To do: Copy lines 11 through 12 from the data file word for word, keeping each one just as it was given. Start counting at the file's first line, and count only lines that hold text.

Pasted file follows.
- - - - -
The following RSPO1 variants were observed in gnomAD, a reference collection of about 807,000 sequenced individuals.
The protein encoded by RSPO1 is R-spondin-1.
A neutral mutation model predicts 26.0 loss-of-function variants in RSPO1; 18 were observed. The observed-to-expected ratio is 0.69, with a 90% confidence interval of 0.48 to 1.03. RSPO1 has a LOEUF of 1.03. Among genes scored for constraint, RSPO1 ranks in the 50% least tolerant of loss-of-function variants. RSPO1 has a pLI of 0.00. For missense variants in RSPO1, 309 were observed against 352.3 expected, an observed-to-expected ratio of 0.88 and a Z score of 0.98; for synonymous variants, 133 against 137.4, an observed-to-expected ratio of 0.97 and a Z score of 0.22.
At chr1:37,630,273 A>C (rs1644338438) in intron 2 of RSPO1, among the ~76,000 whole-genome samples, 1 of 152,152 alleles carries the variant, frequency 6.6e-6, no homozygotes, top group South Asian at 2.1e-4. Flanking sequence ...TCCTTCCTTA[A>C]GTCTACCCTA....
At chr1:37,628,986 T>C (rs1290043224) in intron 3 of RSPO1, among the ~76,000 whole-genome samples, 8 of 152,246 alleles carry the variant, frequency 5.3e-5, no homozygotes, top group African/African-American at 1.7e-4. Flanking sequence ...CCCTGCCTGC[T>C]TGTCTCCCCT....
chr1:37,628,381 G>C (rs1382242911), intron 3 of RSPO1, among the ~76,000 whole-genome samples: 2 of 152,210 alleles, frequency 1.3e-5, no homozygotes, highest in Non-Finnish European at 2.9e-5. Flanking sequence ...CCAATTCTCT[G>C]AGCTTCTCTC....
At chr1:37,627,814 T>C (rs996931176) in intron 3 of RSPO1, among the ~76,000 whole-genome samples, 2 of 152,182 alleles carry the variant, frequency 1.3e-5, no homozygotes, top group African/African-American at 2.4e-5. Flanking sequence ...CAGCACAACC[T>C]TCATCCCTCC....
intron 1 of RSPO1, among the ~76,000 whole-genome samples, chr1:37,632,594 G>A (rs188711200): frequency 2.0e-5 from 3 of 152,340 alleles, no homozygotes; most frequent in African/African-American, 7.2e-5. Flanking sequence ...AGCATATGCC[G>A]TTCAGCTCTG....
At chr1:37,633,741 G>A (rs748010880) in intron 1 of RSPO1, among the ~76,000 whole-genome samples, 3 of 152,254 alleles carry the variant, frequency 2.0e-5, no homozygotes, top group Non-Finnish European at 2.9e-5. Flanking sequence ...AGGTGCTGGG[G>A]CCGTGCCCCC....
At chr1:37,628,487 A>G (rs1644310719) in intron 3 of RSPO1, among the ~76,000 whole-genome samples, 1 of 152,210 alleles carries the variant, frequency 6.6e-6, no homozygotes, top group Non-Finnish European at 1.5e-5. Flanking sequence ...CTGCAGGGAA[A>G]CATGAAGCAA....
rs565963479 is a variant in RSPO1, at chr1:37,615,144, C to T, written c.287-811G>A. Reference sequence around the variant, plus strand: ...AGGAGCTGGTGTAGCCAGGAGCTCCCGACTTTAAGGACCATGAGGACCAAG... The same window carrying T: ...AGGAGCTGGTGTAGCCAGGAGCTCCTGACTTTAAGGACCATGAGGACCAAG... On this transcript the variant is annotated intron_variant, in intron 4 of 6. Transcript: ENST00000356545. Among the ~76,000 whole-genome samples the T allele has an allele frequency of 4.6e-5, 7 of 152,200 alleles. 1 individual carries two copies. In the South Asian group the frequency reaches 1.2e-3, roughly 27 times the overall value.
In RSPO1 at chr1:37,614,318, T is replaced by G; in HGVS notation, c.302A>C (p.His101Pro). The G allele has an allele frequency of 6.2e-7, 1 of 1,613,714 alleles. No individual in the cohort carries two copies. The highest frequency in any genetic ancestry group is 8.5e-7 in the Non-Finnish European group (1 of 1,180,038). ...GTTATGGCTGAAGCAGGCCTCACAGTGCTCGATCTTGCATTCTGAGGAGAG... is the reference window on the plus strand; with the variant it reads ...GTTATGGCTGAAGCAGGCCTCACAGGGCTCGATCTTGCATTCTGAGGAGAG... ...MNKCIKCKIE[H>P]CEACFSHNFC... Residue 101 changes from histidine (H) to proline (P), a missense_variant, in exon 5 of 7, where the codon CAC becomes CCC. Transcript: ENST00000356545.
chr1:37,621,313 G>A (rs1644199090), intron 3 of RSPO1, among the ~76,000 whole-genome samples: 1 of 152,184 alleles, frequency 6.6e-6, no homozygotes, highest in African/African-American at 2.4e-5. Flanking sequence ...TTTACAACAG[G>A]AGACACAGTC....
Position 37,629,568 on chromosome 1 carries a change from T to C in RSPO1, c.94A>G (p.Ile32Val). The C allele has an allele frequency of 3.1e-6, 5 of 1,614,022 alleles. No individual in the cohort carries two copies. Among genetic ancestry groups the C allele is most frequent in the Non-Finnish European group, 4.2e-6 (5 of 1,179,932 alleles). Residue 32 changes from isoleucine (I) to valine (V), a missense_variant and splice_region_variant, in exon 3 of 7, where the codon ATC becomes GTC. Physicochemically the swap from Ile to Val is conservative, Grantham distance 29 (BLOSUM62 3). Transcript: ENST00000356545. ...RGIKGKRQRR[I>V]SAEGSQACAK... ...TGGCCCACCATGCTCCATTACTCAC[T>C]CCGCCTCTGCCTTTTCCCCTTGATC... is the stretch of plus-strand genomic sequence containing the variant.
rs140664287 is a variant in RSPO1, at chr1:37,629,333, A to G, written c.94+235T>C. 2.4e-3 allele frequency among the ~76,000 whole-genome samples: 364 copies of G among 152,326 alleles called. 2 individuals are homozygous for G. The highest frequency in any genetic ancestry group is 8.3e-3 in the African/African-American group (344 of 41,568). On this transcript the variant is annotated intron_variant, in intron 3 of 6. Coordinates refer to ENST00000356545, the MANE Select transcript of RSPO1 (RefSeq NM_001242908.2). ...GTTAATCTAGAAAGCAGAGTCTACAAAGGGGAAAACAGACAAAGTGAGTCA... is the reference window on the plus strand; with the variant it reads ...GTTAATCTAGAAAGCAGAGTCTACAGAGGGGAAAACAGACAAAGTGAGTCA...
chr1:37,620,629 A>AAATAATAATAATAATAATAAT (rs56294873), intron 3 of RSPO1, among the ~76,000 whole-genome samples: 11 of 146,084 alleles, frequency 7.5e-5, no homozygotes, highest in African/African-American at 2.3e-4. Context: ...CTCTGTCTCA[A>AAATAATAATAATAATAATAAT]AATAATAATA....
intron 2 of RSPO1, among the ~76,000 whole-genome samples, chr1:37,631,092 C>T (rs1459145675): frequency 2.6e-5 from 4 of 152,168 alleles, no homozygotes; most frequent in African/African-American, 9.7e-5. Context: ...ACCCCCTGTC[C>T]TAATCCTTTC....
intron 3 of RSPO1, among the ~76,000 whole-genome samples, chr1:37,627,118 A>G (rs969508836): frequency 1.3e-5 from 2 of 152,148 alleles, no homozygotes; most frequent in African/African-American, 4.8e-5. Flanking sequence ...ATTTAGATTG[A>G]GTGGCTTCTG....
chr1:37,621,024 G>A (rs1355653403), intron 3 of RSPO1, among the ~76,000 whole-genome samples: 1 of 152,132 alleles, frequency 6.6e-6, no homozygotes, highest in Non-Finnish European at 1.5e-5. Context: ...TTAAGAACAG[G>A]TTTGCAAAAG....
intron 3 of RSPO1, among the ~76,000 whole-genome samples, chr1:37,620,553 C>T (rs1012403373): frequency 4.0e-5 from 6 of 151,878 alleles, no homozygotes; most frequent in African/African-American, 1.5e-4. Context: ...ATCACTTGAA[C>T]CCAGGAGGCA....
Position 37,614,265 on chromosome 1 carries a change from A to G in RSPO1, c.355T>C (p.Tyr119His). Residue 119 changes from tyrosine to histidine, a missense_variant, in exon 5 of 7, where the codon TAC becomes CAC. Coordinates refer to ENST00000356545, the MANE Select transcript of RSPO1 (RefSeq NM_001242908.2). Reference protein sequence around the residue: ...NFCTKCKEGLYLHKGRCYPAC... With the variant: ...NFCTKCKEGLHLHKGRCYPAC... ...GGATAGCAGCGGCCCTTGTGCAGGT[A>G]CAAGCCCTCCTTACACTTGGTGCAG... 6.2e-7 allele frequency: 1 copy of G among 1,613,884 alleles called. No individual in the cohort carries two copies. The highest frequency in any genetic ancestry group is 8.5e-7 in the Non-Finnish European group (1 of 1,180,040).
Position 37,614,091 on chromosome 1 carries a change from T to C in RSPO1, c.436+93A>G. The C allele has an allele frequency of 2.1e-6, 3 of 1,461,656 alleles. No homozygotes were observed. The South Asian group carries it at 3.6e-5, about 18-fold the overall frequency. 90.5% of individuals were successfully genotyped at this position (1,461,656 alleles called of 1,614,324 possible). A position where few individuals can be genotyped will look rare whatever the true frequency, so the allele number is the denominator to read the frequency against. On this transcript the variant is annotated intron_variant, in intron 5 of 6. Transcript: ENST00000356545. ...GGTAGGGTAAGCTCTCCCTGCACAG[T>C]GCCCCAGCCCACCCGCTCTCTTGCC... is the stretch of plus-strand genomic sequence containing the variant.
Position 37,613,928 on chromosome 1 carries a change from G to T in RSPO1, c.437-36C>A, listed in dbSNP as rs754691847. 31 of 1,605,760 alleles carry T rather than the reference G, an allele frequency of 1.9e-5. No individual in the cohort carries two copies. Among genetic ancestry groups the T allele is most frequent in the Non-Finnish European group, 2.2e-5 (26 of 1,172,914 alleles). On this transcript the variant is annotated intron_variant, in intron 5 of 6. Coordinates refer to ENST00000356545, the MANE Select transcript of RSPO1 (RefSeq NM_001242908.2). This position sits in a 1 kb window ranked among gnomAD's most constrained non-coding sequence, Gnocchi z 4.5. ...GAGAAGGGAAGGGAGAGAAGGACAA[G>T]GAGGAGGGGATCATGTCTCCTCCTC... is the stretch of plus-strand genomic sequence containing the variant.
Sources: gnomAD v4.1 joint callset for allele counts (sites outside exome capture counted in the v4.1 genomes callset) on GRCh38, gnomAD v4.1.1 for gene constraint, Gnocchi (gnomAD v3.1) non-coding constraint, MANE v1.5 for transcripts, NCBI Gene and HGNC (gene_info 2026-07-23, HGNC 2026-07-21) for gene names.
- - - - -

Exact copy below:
rs565963479 is a variant in RSPO1, at chr1:37,615,144, C to T, written c.287-811G>A. Reference sequence around the variant, plus strand: ...AGGAGCTGGTGTAGCCAGGAGCTCCCGACTTTAAGGACCATGAGGACCAAG... The same window carrying T: ...AGGAGCTGGTGTAGCCAGGAGCTCCTGACTTTAAGGACCATGAGGACCAAG... On this transcript the variant is annotated intron_variant, in intron 4 of 6. Transcript: ENST00000356545. Among the ~76,000 whole-genome samples the T allele has an allele frequency of 4.6e-5, 7 of 152,200 alleles. 1 individual carries two copies. In the South Asian group the frequency reaches 1.2e-3, roughly 27 times the overall value.
In RSPO1 at chr1:37,614,318, T is replaced by G; in HGVS notation, c.302A>C (p.His101Pro). The G allele has an allele frequency of 6.2e-7, 1 of 1,613,714 alleles. No individual in the cohort carries two copies. The highest frequency in any genetic ancestry group is 8.5e-7 in the Non-Finnish European group (1 of 1,180,038). ...GTTATGGCTGAAGCAGGCCTCACAGTGCTCGATCTTGCATTCTGAGGAGAG... is the reference window on the plus strand; with the variant it reads ...GTTATGGCTGAAGCAGGCCTCACAGGGCTCGATCTTGCATTCTGAGGAGAG... ...MNKCIKCKIE[H>P]CEACFSHNFC... Residue 101 changes from histidine (H) to proline (P), a missense_variant, in exon 5 of 7, where the codon CAC becomes CCC. Transcript: ENST00000356545.